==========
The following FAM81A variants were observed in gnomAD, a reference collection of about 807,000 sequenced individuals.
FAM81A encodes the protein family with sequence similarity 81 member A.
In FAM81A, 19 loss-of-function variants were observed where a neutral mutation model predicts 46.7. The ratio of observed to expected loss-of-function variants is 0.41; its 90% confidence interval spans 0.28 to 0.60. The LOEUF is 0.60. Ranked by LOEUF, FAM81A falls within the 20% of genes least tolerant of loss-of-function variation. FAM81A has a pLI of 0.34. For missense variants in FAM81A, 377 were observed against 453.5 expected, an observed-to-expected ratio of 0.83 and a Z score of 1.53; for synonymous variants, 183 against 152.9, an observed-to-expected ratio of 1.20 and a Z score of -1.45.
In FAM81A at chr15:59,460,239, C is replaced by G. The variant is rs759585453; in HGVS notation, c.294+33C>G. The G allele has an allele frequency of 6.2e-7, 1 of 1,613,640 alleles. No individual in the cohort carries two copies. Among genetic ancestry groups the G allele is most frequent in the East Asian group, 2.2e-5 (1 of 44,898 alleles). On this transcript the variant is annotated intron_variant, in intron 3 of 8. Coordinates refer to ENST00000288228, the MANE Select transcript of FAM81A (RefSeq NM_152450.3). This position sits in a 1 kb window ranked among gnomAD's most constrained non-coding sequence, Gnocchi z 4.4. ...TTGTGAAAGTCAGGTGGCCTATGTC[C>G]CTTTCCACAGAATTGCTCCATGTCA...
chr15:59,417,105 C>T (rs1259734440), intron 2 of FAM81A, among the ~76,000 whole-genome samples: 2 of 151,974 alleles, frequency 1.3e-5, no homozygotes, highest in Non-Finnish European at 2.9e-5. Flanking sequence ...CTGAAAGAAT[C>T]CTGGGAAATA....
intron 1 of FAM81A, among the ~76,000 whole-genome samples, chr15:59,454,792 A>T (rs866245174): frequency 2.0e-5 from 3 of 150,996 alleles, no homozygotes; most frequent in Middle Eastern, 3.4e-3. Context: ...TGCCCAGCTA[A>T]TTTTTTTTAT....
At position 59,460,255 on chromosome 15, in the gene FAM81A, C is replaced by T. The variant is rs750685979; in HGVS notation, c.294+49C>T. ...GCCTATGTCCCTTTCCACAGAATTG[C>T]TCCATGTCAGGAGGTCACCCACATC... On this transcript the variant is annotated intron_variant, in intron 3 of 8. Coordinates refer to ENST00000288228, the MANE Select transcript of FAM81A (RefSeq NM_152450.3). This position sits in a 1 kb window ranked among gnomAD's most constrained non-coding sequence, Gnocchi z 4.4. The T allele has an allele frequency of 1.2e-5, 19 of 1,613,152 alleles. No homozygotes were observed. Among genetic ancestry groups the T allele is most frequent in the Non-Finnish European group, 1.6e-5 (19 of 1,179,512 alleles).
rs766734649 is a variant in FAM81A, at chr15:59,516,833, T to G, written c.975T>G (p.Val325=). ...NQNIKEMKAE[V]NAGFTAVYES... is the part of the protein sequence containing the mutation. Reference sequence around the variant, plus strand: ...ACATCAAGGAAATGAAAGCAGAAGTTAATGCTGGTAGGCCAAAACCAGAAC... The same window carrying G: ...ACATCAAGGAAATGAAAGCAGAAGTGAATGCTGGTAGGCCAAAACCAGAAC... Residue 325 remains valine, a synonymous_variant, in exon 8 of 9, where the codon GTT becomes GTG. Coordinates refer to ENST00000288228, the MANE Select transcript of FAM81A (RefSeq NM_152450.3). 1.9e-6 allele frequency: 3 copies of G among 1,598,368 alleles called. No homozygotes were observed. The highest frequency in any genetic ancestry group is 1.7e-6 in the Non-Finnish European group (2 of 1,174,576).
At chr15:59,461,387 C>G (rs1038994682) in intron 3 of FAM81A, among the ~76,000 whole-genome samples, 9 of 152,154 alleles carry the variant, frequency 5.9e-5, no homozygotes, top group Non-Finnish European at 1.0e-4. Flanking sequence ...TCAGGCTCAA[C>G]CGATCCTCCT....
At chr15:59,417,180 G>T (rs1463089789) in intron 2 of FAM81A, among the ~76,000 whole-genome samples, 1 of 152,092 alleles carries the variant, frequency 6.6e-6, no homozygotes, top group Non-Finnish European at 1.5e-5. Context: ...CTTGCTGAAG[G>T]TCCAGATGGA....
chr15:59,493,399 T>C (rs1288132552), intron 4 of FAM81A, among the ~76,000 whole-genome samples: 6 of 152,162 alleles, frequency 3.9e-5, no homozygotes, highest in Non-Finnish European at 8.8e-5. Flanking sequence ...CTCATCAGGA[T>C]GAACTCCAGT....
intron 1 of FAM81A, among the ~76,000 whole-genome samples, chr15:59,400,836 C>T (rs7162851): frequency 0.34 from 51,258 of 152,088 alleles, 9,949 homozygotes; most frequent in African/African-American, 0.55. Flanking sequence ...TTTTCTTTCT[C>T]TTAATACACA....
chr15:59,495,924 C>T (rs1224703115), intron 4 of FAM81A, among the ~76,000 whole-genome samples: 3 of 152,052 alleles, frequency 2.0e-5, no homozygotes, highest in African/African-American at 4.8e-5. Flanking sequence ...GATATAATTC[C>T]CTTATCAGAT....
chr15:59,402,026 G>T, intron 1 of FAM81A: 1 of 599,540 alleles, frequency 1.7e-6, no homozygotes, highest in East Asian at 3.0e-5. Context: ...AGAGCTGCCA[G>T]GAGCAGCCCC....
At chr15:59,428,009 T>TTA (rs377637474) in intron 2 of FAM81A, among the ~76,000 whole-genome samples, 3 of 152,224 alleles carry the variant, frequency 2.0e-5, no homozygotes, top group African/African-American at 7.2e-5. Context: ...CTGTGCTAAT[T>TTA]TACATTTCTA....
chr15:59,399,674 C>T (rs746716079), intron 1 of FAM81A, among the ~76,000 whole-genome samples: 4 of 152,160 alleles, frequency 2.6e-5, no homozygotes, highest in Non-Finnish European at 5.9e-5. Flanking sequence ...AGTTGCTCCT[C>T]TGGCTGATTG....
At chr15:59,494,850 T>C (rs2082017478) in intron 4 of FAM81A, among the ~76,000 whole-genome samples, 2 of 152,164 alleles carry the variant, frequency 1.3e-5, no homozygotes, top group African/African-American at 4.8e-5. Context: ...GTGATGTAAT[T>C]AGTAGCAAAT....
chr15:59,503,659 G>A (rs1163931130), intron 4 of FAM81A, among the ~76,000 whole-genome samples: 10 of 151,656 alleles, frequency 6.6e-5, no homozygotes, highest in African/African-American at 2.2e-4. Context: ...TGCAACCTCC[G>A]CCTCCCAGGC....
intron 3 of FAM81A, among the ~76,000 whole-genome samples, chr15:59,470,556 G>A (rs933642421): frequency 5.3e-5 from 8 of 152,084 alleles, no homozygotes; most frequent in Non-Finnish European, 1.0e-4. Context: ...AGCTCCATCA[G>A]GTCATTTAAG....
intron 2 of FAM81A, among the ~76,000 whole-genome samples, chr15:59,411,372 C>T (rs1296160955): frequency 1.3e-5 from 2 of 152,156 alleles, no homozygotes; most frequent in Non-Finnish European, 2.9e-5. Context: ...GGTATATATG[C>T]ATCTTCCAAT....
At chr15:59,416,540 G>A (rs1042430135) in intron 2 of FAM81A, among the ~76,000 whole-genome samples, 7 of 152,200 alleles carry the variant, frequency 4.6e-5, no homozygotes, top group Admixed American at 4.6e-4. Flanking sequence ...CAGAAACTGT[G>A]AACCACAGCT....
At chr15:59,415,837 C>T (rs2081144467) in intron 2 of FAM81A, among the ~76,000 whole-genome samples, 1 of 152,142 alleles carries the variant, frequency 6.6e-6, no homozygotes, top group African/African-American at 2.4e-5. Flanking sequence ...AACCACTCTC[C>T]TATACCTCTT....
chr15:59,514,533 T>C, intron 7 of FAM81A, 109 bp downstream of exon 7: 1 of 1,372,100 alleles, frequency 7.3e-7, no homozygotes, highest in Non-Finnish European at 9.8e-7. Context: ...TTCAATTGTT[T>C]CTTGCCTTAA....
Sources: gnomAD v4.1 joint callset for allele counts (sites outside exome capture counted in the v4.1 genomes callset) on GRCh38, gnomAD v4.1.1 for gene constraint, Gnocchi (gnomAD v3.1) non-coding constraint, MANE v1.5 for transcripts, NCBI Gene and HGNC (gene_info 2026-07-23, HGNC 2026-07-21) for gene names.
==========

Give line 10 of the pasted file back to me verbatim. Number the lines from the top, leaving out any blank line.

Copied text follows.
At chr15:59,417,180 G>T (rs1463089789) in intron 2 of FAM81A, among the ~76,000 whole-genome samples, 1 of 152,092 alleles carries the variant, frequency 6.6e-6, no homozygotes, top group Non-Finnish European at 1.5e-5. Context: ...CTTGCTGAAG[G>T]TCCAGATGGA....